to Isaiah the Holy One of Israel. This phrase is peculiar to
Isaiah and occurs some thirty times in his prophecy. The prophet
Hosea also speaks of Jehovah as "the Holy One in the midst of
thee" (11:9).
     The Spirit of God is called the Holy Spirit. "Take not thy
holy spirit from me," pleads David (Ps. 51:11). In a striking
passage in which he speaks of Jehovah as Israel's Saviour and
also as the Angel of the Presence, Isaiah also speaks of His Holy
Spirit-truly a Trinity (Isa. 63:8-11). "They rebelled, and vexed
his holy Spirit."
     The holiness of God is especially made clear in contrast to
the heathen deities, and the impurity and corruption of their
nature and worship. It is because of this that Israel is
repeatedly and strongly urged: "Thou shalt have no other gods
before me" (Exod. 20:3). In contrast with them Jehovah is not
corrupt in justice nor a respecter of persons (Dent. 10:17) . In
fact, they are really no gods, for the word idol in Psalm 96:5
and other places is "a thing of nought." "Shall a man make gods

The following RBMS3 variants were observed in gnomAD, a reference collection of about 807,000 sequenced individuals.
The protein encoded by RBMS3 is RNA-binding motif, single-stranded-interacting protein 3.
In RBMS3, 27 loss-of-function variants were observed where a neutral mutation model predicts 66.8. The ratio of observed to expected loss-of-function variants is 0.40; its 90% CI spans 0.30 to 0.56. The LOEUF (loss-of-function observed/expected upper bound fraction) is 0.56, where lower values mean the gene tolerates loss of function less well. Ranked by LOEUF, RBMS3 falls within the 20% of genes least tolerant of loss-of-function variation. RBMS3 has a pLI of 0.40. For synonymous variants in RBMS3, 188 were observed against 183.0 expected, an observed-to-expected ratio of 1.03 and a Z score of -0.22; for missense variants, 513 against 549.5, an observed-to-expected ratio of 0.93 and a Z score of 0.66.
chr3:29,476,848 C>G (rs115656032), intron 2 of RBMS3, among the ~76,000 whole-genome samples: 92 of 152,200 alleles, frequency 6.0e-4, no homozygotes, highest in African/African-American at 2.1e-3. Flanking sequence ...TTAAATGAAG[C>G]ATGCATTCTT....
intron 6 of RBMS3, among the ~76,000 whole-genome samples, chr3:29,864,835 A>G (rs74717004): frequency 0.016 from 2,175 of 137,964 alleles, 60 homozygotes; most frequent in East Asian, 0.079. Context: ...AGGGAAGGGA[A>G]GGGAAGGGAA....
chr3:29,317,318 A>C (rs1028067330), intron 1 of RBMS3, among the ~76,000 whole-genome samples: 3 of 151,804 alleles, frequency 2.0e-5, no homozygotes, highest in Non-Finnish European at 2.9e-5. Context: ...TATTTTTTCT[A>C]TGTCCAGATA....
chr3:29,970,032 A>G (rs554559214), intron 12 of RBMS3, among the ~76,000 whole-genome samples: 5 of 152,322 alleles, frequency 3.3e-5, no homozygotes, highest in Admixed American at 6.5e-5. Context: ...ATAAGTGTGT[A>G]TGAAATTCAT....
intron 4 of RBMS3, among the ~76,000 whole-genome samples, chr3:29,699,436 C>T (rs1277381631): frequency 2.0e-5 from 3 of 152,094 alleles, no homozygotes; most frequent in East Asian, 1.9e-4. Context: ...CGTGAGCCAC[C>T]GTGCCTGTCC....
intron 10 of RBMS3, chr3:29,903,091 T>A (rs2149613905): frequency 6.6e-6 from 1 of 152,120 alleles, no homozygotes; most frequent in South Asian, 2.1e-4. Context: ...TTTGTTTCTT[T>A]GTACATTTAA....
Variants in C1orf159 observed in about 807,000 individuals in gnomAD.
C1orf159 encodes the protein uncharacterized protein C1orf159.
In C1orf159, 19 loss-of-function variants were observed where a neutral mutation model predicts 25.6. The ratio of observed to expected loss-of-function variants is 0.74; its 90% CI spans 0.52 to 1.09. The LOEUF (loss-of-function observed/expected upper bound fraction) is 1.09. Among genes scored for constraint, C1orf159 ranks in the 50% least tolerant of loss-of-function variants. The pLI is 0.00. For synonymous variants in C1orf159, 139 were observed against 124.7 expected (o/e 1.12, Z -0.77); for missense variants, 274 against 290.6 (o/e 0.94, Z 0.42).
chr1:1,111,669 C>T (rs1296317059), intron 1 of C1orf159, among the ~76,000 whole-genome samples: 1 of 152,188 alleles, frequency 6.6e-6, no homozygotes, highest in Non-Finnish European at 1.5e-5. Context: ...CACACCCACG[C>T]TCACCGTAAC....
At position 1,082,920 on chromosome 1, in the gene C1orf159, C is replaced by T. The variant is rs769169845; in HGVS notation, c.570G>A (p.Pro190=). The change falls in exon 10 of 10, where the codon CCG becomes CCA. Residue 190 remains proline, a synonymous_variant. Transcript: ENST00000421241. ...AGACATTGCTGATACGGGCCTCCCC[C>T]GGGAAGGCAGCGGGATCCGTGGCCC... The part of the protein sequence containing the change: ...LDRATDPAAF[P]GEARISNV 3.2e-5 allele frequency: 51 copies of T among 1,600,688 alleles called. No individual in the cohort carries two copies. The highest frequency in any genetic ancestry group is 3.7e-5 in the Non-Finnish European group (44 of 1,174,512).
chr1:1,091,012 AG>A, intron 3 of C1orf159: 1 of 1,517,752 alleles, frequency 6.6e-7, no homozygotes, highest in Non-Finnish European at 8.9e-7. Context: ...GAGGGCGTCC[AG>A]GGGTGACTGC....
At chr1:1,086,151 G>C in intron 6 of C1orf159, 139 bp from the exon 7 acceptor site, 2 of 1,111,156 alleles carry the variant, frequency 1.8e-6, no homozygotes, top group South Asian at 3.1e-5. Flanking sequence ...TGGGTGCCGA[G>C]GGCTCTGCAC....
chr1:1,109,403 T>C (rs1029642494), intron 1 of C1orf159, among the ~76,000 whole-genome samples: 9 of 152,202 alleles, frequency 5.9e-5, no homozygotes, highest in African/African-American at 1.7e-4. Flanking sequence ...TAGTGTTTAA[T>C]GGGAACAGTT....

unto himself, and they are no gods?" says Jeremiah (16:20). But
they did sanctify to themselves gods, the work of their own hands
and the creatures of their imaginations. The gods of the heathen
were a depraved lot, caring only and busy about their own
pleasures, lusts, and quarrels. Cruel and unspeakable crimes were
committed in their worship. "Their villainy upon earth gave them
a title to a niche in the Pantheon of heathenism." Contrast the
awful but beautiful holiness of God who is of purer eyes than to
behold evil and cannot look upon iniquity (Hab. 1:13), holy and
reverend is His name (Ps. 111:9; Luke 1:49).
     It is in His transcendent holiness that the glory and beauty
of Jehovah consist. In the great song of triumph sung by Moses
and the children of Israel after their passage through the Red
Sea (Exod. 15), which is also that song of Moses and of the Lamb
sung by those who gain the victory over the beast and over his
image (Rev. 15:3), the greatest tribute paid to Jehovah is in the
words: "Who is like unto thee, O Jehovah ... glorious in
holiness." The cry of the seraphim, who veil their eyes in the
presence of God's holiness, is "Holy, holy, holy, is the Lord of
hosts": and then, "the whole earth is full of his glory." It is
against the glory of God's holiness that all have sinned, for
this is what Paul meant when he said: "All have sinned, and come
short of the glory of God" (Rom. 3:23).
     So also the beauty of the Lord is seen in His holiness. When
the psalmist expresses the desire to behold the beauty of the
Lord, it is in the house of the Lord, His Temple, the place of
His holy presence that he expects to do so (Ps. 27:4). The beauty
of the Lord is perfect. But beauty is a product of something, and
the perfect beauty of the Lord is the product of His perfect